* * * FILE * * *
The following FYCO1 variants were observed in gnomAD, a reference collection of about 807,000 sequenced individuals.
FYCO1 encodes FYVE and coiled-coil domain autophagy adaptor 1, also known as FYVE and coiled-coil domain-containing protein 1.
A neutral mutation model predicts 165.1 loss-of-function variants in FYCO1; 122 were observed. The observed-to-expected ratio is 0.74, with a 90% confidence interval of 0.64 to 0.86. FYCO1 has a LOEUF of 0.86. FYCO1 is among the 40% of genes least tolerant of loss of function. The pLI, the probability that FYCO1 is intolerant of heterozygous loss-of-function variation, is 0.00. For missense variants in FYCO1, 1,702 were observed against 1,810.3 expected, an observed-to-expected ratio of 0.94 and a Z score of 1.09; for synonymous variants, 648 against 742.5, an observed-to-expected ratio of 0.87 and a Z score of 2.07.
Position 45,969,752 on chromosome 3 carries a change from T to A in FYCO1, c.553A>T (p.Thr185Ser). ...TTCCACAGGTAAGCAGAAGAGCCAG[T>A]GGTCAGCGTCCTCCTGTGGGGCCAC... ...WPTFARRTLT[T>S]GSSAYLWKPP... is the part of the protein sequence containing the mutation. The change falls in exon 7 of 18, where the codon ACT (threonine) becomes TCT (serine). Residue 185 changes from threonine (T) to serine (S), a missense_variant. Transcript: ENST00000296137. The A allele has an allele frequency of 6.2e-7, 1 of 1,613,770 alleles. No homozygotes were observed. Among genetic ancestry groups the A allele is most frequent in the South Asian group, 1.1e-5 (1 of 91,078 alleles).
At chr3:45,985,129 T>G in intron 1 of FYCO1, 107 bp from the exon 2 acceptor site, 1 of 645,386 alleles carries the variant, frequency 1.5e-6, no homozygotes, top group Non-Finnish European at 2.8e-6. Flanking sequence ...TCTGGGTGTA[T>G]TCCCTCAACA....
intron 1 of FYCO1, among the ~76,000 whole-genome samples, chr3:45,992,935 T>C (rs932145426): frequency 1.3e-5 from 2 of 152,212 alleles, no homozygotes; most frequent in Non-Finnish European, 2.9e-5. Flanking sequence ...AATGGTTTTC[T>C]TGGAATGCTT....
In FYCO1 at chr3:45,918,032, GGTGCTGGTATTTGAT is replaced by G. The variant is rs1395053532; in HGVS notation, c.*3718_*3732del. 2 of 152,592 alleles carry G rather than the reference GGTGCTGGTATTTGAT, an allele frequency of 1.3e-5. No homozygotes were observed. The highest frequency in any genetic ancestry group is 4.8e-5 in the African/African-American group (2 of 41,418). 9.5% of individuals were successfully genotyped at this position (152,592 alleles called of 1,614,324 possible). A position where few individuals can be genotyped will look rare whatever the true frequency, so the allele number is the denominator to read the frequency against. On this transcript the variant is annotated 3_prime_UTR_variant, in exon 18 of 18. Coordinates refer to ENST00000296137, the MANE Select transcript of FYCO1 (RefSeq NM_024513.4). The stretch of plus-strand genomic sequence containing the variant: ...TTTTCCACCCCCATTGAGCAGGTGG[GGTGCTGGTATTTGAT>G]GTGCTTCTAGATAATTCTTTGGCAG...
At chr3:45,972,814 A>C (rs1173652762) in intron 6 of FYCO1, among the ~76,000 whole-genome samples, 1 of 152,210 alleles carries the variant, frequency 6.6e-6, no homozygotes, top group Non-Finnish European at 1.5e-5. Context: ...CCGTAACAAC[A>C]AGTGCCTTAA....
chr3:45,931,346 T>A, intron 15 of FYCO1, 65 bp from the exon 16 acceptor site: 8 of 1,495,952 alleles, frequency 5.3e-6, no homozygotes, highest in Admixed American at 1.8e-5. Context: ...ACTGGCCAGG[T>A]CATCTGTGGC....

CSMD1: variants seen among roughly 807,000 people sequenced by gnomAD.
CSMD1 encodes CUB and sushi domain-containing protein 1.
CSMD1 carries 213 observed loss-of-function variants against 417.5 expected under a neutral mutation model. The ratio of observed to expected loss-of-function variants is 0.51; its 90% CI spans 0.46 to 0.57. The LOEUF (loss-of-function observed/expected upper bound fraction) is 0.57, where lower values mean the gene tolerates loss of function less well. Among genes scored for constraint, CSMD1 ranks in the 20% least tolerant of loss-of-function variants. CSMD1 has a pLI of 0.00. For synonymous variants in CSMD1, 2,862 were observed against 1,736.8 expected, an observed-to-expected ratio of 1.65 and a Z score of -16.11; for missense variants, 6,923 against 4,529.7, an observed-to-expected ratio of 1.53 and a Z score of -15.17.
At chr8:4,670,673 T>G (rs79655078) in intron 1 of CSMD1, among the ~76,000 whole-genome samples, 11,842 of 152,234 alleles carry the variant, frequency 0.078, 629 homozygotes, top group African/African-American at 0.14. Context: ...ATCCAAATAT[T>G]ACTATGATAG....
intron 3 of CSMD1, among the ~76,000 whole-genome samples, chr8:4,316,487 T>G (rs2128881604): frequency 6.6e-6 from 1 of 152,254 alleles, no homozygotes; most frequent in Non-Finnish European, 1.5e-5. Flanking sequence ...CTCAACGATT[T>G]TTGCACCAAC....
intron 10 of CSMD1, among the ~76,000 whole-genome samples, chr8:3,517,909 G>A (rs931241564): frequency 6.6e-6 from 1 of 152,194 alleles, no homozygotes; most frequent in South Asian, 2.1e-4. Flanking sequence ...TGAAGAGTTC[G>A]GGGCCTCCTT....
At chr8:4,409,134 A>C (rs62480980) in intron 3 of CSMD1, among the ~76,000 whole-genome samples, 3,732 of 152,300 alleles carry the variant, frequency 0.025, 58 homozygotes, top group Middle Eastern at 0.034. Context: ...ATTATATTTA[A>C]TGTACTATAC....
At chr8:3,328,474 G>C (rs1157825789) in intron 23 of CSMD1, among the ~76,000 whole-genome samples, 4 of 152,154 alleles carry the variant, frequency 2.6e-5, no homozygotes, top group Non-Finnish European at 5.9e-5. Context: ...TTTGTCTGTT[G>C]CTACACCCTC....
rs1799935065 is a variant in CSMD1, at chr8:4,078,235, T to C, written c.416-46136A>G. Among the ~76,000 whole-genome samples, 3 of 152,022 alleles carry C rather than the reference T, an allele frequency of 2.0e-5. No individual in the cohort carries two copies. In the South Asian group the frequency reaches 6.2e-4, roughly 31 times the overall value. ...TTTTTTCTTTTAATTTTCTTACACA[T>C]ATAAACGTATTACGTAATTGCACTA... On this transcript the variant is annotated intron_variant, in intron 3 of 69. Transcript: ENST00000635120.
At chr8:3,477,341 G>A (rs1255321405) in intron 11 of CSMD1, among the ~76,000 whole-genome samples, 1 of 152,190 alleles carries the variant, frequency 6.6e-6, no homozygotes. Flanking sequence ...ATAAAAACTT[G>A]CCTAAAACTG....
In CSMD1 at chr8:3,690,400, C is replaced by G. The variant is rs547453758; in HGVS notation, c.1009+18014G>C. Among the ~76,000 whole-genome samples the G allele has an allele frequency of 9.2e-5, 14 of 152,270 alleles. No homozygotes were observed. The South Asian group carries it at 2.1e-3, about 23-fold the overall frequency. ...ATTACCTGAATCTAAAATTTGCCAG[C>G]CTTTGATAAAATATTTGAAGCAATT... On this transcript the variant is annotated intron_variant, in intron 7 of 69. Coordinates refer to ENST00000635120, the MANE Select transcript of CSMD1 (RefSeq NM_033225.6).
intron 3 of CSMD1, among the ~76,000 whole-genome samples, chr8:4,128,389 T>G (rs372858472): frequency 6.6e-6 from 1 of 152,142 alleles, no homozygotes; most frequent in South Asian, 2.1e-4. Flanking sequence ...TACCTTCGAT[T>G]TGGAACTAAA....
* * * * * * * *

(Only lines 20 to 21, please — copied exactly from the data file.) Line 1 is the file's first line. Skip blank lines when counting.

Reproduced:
In CSMD1 at chr8:3,690,400, C is replaced by G. The variant is rs547453758; in HGVS notation, c.1009+18014G>C. Among the ~76,000 whole-genome samples the G allele has an allele frequency of 9.2e-5, 14 of 152,270 alleles. No homozygotes were observed. The South Asian group carries it at 2.1e-3, about 23-fold the overall frequency. ...ATTACCTGAATCTAAAATTTGCCAG[C>G]CTTTGATAAAATATTTGAAGCAATT... On this transcript the variant is annotated intron_variant, in intron 7 of 69. Coordinates refer to ENST00000635120, the MANE Select transcript of CSMD1 (RefSeq NM_033225.6).
intron 3 of CSMD1, among the ~76,000 whole-genome samples, chr8:4,128,389 T>G (rs372858472): frequency 6.6e-6 from 1 of 152,142 alleles, no homozygotes; most frequent in South Asian, 2.1e-4. Flanking sequence ...TACCTTCGAT[T>G]TGGAACTAAA....